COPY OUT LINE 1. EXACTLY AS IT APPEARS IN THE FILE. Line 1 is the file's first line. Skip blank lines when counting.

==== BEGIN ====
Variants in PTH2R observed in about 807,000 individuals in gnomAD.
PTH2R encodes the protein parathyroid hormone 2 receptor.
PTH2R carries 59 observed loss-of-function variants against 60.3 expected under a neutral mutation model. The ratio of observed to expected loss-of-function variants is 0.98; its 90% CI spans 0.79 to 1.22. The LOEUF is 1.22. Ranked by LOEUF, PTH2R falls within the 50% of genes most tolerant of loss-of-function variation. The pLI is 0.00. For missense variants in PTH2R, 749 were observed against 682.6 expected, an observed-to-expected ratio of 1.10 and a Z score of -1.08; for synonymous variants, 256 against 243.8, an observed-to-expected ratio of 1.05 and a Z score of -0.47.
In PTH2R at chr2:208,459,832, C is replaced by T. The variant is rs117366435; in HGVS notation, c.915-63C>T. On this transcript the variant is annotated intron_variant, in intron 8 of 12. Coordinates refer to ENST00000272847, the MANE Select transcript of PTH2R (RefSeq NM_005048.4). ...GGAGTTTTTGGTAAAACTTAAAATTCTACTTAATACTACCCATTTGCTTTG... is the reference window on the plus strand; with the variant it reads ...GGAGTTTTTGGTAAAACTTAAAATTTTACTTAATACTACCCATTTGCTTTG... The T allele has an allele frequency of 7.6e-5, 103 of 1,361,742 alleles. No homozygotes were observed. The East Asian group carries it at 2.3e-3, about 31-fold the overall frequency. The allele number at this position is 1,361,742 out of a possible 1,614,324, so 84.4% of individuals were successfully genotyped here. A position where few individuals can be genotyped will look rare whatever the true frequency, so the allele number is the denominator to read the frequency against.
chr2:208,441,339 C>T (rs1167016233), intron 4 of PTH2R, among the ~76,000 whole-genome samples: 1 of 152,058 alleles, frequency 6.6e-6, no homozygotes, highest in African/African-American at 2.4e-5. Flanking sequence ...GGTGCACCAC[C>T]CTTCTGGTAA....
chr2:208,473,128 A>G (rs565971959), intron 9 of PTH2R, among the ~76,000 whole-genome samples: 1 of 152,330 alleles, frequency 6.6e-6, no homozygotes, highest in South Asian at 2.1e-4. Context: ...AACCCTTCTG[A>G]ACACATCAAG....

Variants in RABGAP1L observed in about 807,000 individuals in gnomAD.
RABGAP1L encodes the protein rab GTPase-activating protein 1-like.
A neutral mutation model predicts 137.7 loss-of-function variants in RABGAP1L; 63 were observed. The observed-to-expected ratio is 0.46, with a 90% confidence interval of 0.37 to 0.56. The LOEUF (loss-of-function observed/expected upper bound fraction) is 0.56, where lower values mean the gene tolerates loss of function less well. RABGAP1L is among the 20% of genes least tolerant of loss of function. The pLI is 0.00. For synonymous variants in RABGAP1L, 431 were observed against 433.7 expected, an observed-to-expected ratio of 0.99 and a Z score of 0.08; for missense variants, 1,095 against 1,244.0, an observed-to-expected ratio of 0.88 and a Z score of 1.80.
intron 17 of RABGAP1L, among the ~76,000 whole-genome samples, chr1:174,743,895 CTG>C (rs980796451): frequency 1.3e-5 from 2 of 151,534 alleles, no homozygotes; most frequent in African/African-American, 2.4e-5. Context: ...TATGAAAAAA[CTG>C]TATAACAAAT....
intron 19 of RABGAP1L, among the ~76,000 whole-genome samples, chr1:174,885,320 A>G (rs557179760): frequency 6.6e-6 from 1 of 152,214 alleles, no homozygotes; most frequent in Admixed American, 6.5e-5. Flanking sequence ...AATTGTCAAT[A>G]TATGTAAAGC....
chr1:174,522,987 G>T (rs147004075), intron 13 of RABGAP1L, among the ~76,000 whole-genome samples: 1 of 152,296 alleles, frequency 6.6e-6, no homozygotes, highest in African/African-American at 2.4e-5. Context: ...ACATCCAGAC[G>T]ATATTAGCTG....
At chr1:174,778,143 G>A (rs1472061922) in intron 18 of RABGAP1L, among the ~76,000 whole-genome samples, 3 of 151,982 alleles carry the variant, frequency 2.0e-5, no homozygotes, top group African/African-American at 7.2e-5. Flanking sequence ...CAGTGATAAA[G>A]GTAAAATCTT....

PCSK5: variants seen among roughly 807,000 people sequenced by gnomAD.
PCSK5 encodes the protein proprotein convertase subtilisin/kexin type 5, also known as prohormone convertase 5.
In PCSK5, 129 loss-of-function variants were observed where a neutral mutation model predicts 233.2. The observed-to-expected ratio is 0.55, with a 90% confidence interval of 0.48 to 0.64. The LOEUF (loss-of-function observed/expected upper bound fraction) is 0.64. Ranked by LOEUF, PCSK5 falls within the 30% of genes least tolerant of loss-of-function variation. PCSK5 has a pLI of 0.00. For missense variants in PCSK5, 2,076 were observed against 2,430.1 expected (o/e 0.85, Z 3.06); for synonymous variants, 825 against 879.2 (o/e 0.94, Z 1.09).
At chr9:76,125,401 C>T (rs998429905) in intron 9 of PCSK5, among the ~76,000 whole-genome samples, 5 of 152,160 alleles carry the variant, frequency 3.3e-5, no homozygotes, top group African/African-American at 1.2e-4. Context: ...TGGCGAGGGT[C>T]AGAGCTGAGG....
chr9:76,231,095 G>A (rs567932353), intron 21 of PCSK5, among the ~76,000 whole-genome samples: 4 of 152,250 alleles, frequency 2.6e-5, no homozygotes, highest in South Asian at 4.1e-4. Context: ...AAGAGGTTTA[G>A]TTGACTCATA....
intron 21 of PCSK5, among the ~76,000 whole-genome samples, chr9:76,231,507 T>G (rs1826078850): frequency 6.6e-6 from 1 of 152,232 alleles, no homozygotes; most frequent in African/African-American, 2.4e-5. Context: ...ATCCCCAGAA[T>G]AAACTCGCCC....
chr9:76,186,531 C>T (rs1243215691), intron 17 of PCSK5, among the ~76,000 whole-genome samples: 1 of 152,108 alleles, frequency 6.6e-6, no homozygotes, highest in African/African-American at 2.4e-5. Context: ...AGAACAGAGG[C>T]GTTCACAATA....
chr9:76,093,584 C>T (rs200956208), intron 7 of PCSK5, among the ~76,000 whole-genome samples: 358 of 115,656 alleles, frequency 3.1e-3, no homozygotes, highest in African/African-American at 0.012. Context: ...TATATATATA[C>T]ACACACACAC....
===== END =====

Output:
Variants in PTH2R observed in about 807,000 individuals in gnomAD.